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112

Page history last edited by Gregory Guderian 11 years, 8 months ago

PAG. 112 (GoogleBooks)


Incipit: Certus]

Scribae: Seumas Macdonald

Status:


 

Pag. 112

CE.

 

Certus] Certae fidei, Plin. Iun. Exploratus, Cic. Locuples testis. Ratus. Fidelis ager, Id. Status fidei cursus, Firm. Stabilis quaestus, Cat. Credulae rates, (quibus tuto te credas,) Sen. Praesentissimum remedium, Col. Praesentaneum, Plin. Authenticus, Vlp. Paul. IC. Pistrinum scribam in mundo, si id faxem, mihi, Plaut. i.e. certum. Testata dicere, Cic.

Certissime] Certo certius.

Certus alicujus rei] Certus reliquendae vitae. Certus mori, Sili.

Cervical] Pulvinus, Plin. Culcitra plumea, Cic. (Ab inculcando,) Culcitella, ex Plaut. Lips. Culcitula, Lucil.

Cervicosus] Durae cervicis, Er. Vid. Contumax.

Cervix] Corpus a cervicibus demittere, Cic.

Cerussa] Psimythium, Plin. Melinum, Id. Annulare, vel, Anulare, Id. Fucus splendens, Tibul. Medicamen faciei, Iuv. Lomentum, Plin. Sputum tenue, Iuv.

Caespes, et cespes] Cutis terrae, Plin. Frustum terrae herbidum, ex Graec.

Cespitator, equus] Equus suffosus. Cernicus, Virg.

Cessare] Abire incepto, Liv. Facere intercapedinem scribendi, Cic. Deserere susceptum officium. Intermittere studia. Interponere moram. Silent leges, Id. Pausare. Pausam facere. Concessare, Plaut. Quiescebant edicere, Gell. Supersedere loqui, Liv. Cessator sum, Er. Vid. Desinere.

Cessatio] Inercapedo scribendi. Pausa loquendi. Intermissio ab actione. Interspiratio. Vacatio laboris, Cic. Concessatio. Requies forensium negotiorum, Col. Intervallum. Silentium, Liv. Sine intermissu cantus, Plin. Interstitio et cessatio juris, Gell.

Cessator] Tardus. Segnis. Piger, Cic. Lentus gradus, Val. Max. Tardior, quam corbita in tranquillo mari. Cum pedicis condidicisti hoc grassari gradu. Cochleam tarditate vincit. Tandem si podagrosis esset pedibus, jam rediisse oportuit. Formicinum gradum movet. Testudineus gradus. Pulmoneis qui esset pedibus, prius venisset. Pulmo prius venisset, Plaut. Veternosus senex, Ter. Asino pigrior, Mart.

Cete,

Comments (9)

Seumas Macdonald said

at 2:33 am on Jan 8, 2009

I am quite unsure about 'suffosus' under Cespitator. I could distinguish f from s, and failed to find a suitable Latin word. Suggestions?

Seumas Macdonald said

at 2:39 am on Jan 8, 2009

Correction to last comment: "I couldn't distinguish f from s"

tmccarthy said

at 5:44 am on Jan 8, 2009

I think you got the 's' right. I took a look and it's clearly 's':
this is what I got from Whitaker's Words:

An internal 'o' might be rendered by 'u'
suffus.us VPAR 3 1 NOM S M PERF PASSIVE PPL
suffundo, suffundere, suffudi, suffusus V [XXXCX]
pour in/on; cause to well up to surface; cover/fill with liquid that wells up;

The Virgil citation has got me. I couldn't find "cernicus" anywhere. A wiki search makes me think it's a snail.

Seumas Macdonald said

at 5:54 am on Jan 8, 2009

Yeah, I looked up the Whitaker's, and that's what gave me my best take on it.

Johan Winge said

at 6:25 am on Jan 8, 2009

Indeed, suffusus it is. Cf. Aeneid 11, 671:

tum Lirim Pagasumque super, quorum alter habenas 670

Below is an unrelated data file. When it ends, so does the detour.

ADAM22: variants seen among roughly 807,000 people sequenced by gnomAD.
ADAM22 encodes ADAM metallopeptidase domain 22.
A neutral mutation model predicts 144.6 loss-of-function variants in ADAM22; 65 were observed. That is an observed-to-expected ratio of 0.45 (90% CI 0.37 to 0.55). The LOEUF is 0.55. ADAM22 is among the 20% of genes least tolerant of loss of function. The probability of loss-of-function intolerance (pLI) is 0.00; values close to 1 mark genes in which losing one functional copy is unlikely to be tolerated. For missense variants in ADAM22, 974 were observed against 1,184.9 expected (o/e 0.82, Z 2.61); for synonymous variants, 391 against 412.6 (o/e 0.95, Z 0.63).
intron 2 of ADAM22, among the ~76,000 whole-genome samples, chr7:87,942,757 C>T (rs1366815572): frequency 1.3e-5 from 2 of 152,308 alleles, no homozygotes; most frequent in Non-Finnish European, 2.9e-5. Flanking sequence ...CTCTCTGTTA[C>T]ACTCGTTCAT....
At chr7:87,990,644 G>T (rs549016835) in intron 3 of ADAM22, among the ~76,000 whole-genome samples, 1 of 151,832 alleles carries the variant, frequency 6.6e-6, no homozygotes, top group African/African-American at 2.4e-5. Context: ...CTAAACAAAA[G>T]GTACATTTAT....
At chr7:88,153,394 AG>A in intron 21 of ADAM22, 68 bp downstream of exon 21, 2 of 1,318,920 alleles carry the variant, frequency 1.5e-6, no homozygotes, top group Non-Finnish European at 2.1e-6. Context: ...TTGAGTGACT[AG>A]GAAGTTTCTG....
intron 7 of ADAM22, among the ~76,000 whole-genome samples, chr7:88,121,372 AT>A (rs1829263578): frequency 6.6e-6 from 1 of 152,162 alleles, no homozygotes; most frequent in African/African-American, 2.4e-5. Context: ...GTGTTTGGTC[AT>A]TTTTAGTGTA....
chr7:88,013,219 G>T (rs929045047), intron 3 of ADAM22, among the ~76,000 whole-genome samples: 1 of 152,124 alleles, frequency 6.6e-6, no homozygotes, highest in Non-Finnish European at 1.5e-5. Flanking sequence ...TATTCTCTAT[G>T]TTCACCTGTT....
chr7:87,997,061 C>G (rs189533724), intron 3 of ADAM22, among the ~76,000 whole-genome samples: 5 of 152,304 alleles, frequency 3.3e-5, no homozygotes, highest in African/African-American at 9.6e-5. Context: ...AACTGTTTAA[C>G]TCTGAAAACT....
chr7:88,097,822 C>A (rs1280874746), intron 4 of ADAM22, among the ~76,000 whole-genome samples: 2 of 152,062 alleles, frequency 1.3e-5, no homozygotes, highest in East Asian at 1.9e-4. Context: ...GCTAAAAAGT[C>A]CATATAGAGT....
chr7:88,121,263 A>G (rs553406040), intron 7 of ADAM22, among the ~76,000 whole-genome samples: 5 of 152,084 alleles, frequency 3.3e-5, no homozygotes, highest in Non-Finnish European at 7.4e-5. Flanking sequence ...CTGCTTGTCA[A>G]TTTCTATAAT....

suffuso reuolutus equo dum colligit, alter
dum subit ac dextram labenti tendit inermem,
praecipites pariterque ruunt. ...

On this verse, Servius comments:
"SVFFVSO casuro: nam 'suffusi' equi dicuntur quos vulgo incespitatores vocant. Alii 'suffosso' legunt, id est praecipiti et iam cadenti."

Laura Gibbs said

at 9:07 am on Jan 8, 2009

Even Lewis & Short is baffled by the whole business - for cespitator (which they spell caespitator), they have an entry - unusually, in the plural only (caespitatores), with only Servius as the citation... and DUB. marked after the whole thing! I don't have an Oxford Latin Dictionary on hand to consult; it would be interesting to see how they handle caespitator there.
Here's Lewis & Short:
caespitatores suffusi equi, Serv ad Verg. A. 11, 671 dub.

Gregory Guderian said

at 10:28 am on Jan 8, 2009

OLD s.v. caespito -are, intr. cespito. To stumble.
cum proprium sit caeci ~are [Quint.] Decl. 2. exc. M.

Cf. in De briefwisseling van Pieter Corneliszoon Hooft, Derde deel (1638-1647) (editione interretiali) <http://www.dbnl.org/tekst/hoof001hwva04_01/hoof001hwva04_01_0389.htm> pag. 721, epistulam 1288, 10. nov. 1645 scriptam:

"Heros Muydensis diu cum podagricis doloribus conflictatus, iam cum pedibus in gratiam redijt. ambulat mecum sed Vulcanio et cespitante gradu."

cum notula:
"Hinkend: de vuurgod (= Ηφαιστος) was kreupel (b.v. Homerus, Odyssea 8, 308); een caespitator (zo las van Baerle Servius, Aeneis 11, 671) is een paard, dat gauw valt over caespites = graszoden. Het werkwoord caespitare is alleen aangetroffen bij Pseudo-Quintilianus, Declamationes (in de Excerpta Monacensia) 2 (p. 358, 79 ed. G. Lehnert 1905)."

Laura Gibbs said

at 11:46 am on Jan 8, 2009

Optime, Gregory! Ergo, nomen "caespitator" (sive "cespitator") in Oxford Latin Dictionary omnino deest (non miror, si commentarium Servii fons unicus est)... Hocine recte intellexi?

Gregory Guderian said

at 11:17 pm on Jan 8, 2009

OLD quidem deest vocabulum caespitator.
Anno 1837 verbum caespitare a Ioanne Philippo Krebs, in libro c. t. Antibarbarus der lateinischen Sprache, hoc modo explicatum est: "neulateinisch, es heisse was es wolle." :-)

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